SILVIJA ŠMIDKENA AND STILL, AS EVER…

Published: 30.10.17

Silvija Šmidkena was born in Rīga in 1935. In 1954, she graduated from the Ceramics Department of Rīga Secondary School of Applied Arts, in 1960 – from the State Art Academy of Latvia, whereafter she was accepted into the Artists’ Union. Silvija Šmidkena was an active and long-term member of the Union’s board, chairing its ceramics section. She also sat on the expert commission of the Ministry of Culture and different art panels as well as contributed to the organisation of various exhibitions. For many years, Silvija Šmidkena helped organise the Latvian SSR Art Holding’s creative and experimental ceramic workshops in Ķīpsala, located at number 13 Ballast Dam, and was actively involved with the workshops’ renovation during 1980s, when artist studios were refurbished and new display spaces created for Latvian applied art.

 Together with a close-knit group of other ceramicists of the second half of the 20th century, Silvija Šmidkena was among those who shaped Ķīpsala ceramics as a distinct artistic phenomenon in Latvian culture of the period – a phenomenon, which has produced several generations of ceramic artists and strengthened Latvian ceramic traditions. Ķīpsala ceramics became synonymous with outstanding artistic achievement in the field of applied art. This path took folk pottery and Latvian traditions to unprecedented heights and professionalism. In the 1970s and 1980s Ķīpsala ceramics became a major hub for international cooperation in ceramic art within the Soviet Union – Latvian ceramicists brought home from international exhibitions in Europe and other parts of the world innumerable awards of different kind and value.

Not only is ceramicist Silvija Šmidkena a bright artist, she is also author to a number of seminal publications and writings about ceramics. In 2014, Zvaigzne ABC Publishing House published her cultural-historical diary “Māksla mīlēt mālu” (The Art of Loving Clay) – a chronicle of an entire generation and a monument to the work of 20th century-ceramicists. Meanwhile, in 2016, Daugavpils Mark Rothko Art Centre issued Silvia Šmidkena’s book “Mūsu Ķīpsala” (Our Ķīpsala) – a collection of conversations and reminiscences about Ķīpsala ceramics.

The artist has always striven to perfect her artistry with bold experiments, using a wide range of ceramic materials and technologies. Silvija Šmidkena’s works are ascetic in form and rich in colour, affirming the author’s dedication to timeless values. In all her creative versatility, the artist has always managed to achieve admirable harmony.

“AND STILL, AS EVER…” is a small retrospection of Silvija Šmidkena’s creative work, offered at Daugavpils Mark Rothko Art Centre. The exhibition features three series of works, which are visually and meaningfully enhanced by the artist’s watercolours and ink drawings on paper. The older works belong to the “Cosmic Era” series and were created by Silvija Šmidkena in early 1980s in a tandem with her husband Leon Lukšo (1930-1984). Silvija Šmidkena recalls that Leon was an avid researcher of the universe and a keen science fiction devotee – these interests inspired the husband and wife team to create the “Cosmic Era” series. Significantly, their “Cosmic Era” echoes the New-Wave aesthetics of postmodern art, the new space opera genre of science fiction as well as the use of computer graphics in the film world. Silvija and Leon’s works from the “Cosmic Era” series are constructive and geometrically precise – their building blocks truly resemble spaceships and fantastic technogenic objects.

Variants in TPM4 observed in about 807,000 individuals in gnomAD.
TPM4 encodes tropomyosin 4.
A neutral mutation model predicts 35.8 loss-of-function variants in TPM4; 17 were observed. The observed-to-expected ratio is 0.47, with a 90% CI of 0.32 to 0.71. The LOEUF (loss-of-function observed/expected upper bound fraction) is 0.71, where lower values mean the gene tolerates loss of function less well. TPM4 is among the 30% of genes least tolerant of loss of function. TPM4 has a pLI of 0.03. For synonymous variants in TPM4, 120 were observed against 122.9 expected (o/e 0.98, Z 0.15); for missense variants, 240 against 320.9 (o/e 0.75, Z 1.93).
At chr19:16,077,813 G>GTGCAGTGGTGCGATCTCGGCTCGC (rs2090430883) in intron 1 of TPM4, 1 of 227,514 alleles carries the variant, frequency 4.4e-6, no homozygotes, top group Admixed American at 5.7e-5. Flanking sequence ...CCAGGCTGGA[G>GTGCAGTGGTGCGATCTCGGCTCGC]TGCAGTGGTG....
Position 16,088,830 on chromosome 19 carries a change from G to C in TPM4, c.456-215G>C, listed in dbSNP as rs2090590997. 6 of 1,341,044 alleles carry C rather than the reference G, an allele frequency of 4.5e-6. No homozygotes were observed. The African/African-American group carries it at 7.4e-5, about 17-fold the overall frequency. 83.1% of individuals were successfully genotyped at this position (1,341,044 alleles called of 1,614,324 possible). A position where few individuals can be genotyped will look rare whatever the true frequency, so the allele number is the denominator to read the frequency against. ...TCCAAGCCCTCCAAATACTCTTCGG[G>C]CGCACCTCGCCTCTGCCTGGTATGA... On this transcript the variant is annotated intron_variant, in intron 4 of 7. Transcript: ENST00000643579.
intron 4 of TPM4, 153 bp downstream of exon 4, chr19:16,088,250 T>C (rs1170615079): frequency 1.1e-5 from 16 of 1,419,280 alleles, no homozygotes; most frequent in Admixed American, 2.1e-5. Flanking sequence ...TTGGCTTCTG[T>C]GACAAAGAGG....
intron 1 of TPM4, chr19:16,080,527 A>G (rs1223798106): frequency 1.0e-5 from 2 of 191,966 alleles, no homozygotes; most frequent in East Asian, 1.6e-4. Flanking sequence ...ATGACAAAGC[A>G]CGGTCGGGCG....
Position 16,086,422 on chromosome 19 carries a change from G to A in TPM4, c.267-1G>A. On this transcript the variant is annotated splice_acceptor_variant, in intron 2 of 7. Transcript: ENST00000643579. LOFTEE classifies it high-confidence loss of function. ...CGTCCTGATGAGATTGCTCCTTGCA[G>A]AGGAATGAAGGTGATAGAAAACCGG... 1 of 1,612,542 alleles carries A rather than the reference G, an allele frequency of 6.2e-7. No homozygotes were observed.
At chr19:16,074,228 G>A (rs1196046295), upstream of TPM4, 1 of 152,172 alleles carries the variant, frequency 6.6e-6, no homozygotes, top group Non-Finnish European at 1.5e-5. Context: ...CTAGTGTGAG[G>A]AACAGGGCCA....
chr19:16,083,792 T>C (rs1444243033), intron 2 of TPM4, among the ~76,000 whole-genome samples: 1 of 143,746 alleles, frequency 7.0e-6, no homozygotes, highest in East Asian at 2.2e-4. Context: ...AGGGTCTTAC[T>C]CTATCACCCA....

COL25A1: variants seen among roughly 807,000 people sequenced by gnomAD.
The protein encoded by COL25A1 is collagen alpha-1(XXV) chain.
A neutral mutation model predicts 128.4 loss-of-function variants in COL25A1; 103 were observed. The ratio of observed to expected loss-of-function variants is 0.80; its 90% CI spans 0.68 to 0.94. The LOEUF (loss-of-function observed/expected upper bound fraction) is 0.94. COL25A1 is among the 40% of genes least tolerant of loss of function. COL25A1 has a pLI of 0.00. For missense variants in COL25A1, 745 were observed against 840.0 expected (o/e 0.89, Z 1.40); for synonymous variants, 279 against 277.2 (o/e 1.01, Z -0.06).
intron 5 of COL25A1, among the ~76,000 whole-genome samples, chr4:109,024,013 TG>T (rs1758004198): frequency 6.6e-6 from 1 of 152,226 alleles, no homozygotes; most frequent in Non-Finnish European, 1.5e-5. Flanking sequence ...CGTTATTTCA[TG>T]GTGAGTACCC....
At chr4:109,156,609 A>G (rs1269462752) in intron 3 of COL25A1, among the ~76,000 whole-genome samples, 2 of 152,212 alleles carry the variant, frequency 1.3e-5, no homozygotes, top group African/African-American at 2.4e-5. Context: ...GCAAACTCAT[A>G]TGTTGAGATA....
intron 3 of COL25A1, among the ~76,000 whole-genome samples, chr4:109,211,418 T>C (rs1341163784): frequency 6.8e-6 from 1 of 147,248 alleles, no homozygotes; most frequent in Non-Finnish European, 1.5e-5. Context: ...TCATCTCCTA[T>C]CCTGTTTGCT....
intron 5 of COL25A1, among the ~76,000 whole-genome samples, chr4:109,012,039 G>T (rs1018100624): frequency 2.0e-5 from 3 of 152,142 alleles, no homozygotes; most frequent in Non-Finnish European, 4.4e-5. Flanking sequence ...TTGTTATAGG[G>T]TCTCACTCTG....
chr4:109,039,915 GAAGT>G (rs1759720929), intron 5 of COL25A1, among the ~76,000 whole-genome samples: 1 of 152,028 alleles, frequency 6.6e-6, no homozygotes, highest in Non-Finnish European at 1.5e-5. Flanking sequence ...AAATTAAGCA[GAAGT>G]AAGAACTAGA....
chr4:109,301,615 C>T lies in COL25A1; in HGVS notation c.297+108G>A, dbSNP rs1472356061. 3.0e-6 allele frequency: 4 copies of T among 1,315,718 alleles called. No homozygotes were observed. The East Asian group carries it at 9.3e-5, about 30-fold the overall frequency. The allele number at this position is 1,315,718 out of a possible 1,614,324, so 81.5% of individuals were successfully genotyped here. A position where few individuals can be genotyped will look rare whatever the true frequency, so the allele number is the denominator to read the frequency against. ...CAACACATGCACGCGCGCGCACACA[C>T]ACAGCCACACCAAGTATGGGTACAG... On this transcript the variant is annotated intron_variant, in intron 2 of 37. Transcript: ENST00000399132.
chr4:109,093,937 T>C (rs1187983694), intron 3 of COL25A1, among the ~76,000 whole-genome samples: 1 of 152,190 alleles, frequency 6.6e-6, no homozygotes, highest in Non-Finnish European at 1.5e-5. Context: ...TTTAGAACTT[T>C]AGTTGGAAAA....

In the 1990s, Silvija Šmidkena was inspired by cityscape, which the artist captured in her “Urban Impressions” series. The forms, still constructive, but now also architectural, evoke associations with objects from the urban environment – high-rises, towers and factory chimneys, which engulf the natural being of humans and make it even more fragile.

Silvija Šmidkena’s creativity changes along with Latvian artistic tendencies, starting from constructive geometric compositions to abstract and biomorphic forms. In the 21st century, Silvija Šmidkena’s work evinces transformations of themes and forms. The artist’s ceramics become more delicate and fluid, thematically closer to nature and humans. The “Impressions from Nature” series, which is also exhibited at Daugavpils Mark Rothko Art Centre, was created from 2000 until 2010. This body of work is supplemented with the artist’s ink drawings and watercolour paintings. “I am very much affected by pure nature – without concrete posts and other foreign objects. My father relished being in nature when we lived in Murjāņi. Even now, I am still inspired by natural formations such as stones and often depict them as sleeping women – ample, voluptuous and serene. I also like to give my practical vessels watercolour-like coatings as I relive the natural blending of colour tones, their peculiar rhythms and harmonies,” says Silvija Šmidkena about her “Impressions from Nature” series.

Valentīns Petjko